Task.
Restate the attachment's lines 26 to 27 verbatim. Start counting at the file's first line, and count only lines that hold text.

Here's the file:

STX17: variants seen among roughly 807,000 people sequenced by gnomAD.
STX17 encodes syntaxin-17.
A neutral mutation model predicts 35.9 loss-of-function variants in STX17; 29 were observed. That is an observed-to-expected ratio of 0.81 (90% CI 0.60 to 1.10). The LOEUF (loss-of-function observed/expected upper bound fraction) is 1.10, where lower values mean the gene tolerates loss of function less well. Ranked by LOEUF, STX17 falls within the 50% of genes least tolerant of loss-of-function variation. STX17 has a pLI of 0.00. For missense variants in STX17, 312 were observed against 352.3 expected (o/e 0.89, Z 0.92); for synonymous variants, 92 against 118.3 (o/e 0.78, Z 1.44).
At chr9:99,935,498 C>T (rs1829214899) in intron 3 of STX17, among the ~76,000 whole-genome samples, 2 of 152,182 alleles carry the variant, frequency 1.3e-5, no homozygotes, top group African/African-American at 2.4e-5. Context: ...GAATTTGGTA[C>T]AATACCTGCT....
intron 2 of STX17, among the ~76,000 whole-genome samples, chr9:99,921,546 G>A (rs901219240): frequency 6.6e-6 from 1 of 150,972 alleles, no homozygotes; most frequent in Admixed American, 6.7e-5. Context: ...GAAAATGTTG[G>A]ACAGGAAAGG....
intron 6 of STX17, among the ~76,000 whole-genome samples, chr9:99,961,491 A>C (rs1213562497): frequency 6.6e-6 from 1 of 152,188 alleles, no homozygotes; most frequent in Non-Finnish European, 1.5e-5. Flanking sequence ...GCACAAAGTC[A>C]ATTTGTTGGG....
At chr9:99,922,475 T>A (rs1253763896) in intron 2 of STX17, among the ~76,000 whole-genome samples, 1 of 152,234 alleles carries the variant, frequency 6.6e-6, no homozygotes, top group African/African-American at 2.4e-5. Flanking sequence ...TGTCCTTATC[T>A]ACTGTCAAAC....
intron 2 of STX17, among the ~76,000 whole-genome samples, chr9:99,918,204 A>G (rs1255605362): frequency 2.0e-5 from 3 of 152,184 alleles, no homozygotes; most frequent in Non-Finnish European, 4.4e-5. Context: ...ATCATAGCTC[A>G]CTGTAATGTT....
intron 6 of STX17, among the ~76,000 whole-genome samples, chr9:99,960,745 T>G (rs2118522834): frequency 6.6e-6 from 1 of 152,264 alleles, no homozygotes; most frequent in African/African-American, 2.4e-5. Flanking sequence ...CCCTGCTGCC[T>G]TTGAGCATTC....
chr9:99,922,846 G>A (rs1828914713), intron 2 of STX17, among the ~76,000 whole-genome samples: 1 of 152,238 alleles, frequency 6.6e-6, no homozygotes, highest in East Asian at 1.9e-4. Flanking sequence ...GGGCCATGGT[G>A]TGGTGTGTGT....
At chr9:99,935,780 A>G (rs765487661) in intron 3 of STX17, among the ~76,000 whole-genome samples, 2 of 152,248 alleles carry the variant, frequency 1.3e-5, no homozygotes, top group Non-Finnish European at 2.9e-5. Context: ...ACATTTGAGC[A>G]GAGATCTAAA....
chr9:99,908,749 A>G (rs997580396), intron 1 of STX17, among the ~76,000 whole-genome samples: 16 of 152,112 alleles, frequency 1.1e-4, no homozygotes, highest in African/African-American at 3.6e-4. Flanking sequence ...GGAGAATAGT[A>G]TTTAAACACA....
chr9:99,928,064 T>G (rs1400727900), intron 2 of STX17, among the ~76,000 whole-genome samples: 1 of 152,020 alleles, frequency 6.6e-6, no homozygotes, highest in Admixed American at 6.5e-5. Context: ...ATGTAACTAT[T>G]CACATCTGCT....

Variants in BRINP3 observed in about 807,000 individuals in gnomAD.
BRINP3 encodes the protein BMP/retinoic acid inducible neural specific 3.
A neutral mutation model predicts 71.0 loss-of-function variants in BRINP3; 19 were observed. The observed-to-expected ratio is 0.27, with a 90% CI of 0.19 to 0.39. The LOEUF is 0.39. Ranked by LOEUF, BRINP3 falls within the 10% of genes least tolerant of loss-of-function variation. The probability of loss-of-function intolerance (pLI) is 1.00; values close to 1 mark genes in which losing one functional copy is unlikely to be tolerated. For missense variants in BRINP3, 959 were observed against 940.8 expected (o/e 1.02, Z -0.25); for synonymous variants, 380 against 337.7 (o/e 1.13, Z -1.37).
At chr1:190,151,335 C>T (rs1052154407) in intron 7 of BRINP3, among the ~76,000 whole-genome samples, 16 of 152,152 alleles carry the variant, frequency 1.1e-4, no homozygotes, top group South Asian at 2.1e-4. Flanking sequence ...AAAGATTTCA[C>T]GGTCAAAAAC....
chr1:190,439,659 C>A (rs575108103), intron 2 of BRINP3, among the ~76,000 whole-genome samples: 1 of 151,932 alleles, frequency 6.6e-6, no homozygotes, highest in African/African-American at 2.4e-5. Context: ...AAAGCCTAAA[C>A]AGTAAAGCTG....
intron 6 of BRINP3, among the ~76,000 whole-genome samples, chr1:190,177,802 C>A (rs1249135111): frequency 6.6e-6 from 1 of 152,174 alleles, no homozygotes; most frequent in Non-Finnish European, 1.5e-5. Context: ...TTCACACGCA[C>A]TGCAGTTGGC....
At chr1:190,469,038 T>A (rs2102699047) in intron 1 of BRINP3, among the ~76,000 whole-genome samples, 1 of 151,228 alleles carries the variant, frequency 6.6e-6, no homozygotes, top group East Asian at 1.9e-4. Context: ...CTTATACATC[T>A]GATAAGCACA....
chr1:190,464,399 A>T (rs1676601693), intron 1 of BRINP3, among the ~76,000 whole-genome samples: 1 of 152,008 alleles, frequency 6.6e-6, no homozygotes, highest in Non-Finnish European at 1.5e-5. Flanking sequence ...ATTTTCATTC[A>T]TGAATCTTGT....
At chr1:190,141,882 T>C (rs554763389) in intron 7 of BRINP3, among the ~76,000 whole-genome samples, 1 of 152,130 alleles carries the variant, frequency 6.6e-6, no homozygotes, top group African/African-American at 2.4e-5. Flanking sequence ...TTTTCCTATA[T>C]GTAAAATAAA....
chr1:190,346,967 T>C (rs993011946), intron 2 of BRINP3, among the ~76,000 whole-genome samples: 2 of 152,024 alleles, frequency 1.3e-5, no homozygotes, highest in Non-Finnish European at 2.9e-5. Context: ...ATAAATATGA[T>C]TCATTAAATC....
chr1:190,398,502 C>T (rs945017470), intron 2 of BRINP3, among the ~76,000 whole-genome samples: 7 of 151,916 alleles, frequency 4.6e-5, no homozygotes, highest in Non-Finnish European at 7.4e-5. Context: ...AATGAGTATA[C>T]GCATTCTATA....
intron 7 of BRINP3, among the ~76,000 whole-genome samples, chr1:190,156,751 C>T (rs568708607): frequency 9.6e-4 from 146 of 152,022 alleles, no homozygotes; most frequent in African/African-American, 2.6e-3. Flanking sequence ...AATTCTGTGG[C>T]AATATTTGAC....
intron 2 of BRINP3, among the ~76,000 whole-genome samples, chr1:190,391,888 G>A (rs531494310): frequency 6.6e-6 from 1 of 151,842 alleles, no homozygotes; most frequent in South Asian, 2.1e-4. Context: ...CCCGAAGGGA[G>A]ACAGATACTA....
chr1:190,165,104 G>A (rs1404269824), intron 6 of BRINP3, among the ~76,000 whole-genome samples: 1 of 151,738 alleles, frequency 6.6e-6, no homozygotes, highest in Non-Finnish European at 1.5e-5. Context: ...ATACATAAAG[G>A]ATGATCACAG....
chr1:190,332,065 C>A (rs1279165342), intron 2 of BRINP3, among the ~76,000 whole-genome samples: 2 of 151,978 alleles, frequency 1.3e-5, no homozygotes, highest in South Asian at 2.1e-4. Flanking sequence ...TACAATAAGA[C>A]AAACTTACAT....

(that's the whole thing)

intron 2 of BRINP3, among the ~76,000 whole-genome samples, chr1:190,391,888 G>A (rs531494310): frequency 6.6e-6 from 1 of 151,842 alleles, no homozygotes; most frequent in South Asian, 2.1e-4. Context: ...CCCGAAGGGA[G>A]ACAGATACTA....
chr1:190,165,104 G>A (rs1404269824), intron 6 of BRINP3, among the ~76,000 whole-genome samples: 1 of 151,738 alleles, frequency 6.6e-6, no homozygotes, highest in Non-Finnish European at 1.5e-5. Context: ...ATACATAAAG[G>A]ATGATCACAG....